Sixty years ago, Nick Joaquin featured the newest in political slang, saying the term for the done deal, the sure thing, politically speaking, would date you. Back then, in the early 1960s the new thing was “Ayos na ang butó-butó.” Previous decades had “tapos na ang boksing,” not to mention, “Yari na!” from the ’50s, and “Cuarta na!” from the ’40s. But the granddaddy of political “street argot” as Quijano de Manila called it, was “Areglado na ang kilay!” the heckling boast of the Commonwealth years. Which brings us to today’s topic, which is, the real news about our elections in recent years, already happened way before election day: because the candidates, in our inimitable Taglish, already “made areglo.”
Even before the pandemic led to the great migration back to the provinces, the past decades have seen a great internal migration. The Philippine Statistics Authority (as of its 2018 National Migration Survey) reported 55 percent of Filipinos over the age of 15 have moved for three months or more since birth (48 percent internal migrants, 2.5 percent abroad, 4 percent both internally and abroad). The political effect of this? Established political networks are increasingly deprived of the web of patron-client ties that takes years and many elections to establish. Anecdotally, politicians complain that the electorate has become very mercenary, which makes election only possible through wholesale vote-buying: to the extent that even milking public office can’t recoup the costs. Then again, there are academic studies that reckon only two-thirds of those who accept money or goods for their votes, actually vote as promised. So risk remains high even as campaigns escalate in costs.
Consider, then, what more than one seasoned politician has told me: The days when every party had two or more hopefuls seeking to contest every possible electoral opening are over. Whether national, regional, or local, parties are having a tough time finding candidates. And even if a slate can be scraped together, it’s become increasingly a losing proposition to even contest the elections because it’s that much harder to eke out a victory. The solution is incredibly like the approach of business in our country, to the challenges of competition in the open market: the creation of cartels. Competing factions sit down, divide the positions between them, ensuring a quota for each with unopposed candidacies for all. Risks and costs are reduced, everyone stays in the game.
I started paying attention to this after the late President Noynoy Aquino told me after the 2013 midterms that, across the board, political families faced the toughest contests they’d faced since 1986. It must have put the fear of the electorate in the hearts of many clans. In 2016, those who ran unopposed were as follows: 39 out 235 members of the House (16 percent); 14 out of 81 governors, 14 out of 81 vice governors (17 percent respectively), 220 mayors and 255 vice mayors of the 1,634 vacant positions for each (13 percent and 15 percent respectively).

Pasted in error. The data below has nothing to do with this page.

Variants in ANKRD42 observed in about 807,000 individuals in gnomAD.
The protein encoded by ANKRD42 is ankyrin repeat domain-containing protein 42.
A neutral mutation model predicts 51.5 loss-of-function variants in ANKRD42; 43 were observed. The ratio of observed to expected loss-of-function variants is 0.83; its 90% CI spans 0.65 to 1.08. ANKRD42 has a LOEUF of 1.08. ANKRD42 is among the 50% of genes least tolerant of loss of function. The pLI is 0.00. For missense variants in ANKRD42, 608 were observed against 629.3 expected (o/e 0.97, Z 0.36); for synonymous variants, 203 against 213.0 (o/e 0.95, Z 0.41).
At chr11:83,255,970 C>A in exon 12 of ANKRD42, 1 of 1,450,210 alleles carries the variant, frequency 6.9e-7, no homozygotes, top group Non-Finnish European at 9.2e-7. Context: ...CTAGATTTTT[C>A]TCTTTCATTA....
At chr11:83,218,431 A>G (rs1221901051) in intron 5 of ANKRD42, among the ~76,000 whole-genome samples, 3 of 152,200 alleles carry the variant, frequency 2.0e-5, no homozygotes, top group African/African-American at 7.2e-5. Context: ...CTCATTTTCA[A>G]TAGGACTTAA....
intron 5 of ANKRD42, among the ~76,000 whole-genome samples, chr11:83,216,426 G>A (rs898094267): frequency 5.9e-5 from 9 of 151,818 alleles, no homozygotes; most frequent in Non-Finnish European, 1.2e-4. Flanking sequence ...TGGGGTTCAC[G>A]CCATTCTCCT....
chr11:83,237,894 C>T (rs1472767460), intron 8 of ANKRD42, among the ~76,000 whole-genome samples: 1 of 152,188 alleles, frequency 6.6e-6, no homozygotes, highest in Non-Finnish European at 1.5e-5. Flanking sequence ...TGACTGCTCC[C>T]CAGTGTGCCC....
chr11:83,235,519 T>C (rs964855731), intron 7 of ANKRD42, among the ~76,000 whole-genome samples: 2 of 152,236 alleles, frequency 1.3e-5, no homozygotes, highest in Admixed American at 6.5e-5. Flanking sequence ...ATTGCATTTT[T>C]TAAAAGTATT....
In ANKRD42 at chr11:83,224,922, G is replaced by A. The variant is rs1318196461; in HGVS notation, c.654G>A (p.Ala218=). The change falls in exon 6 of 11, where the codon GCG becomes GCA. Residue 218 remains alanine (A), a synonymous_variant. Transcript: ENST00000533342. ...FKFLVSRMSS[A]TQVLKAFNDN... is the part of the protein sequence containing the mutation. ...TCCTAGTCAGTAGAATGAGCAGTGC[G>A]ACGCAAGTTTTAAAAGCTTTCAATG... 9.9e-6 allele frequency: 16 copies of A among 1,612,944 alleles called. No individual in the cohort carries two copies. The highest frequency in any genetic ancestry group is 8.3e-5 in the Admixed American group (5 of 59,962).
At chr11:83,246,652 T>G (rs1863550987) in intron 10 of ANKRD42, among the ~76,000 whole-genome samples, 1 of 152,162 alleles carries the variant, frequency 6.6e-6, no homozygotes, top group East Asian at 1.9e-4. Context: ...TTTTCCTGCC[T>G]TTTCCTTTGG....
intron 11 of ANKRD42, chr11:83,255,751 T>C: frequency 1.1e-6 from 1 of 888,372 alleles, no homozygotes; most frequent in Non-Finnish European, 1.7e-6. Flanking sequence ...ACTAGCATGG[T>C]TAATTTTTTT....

In 2019, the midterms, 36 members of the House, eight governors, 12 vice governors, 44 provincial board members, 19 city mayors, 198 municipal mayors, 33 city vice mayors and 241 municipal vice mayors, 32 city councilors and 248 municipal councilors all ran unopposed.
The Inquirer reports that this year, 39 congressional candidates are running unopposed or 15 percent of the 253 available district seats, nine governors in 81 provinces or 11 percent are unopposed (for vice governor, it’s 11 out of 81 or 13 percent unopposed), while out of the 782 provincial board seats up for grabs, 45 board members (5 percent) are sure bets because they’re unopposed. In 1,634 cities and municipalities, 203 mayors (12 percent) and 254 vice mayors (15 percent) are unopposed; as for city or municipal councilors, 284 (or 7 percent) of those seeking to fill the 13,558 seats are unopposed.
Rappler noted that the number of unopposed congressmen, governors, vice governors, mayors, and vice mayors has remained fairly steady; but it said that there’s been a “huge increase” in the number of unchallenged (thus “sure-win”) provincial board members and city and municipal councilors: with “a number of entire slates without challengers.” By any measure, these are remarkable national numbers, a minimum of one out of every 10 officials up for re-election are doing so unopposed. But it’s worth underscoring that this is a reaction to the political players being increasingly unelectable. Or, conversely, the price of competition getting too steep for the politicians’ comfort. But if this is so, can the provincial barons still deliver votes? Perhaps what matters less is whether they can or do, and more the perception of electoral inevitability their endorsements enhance.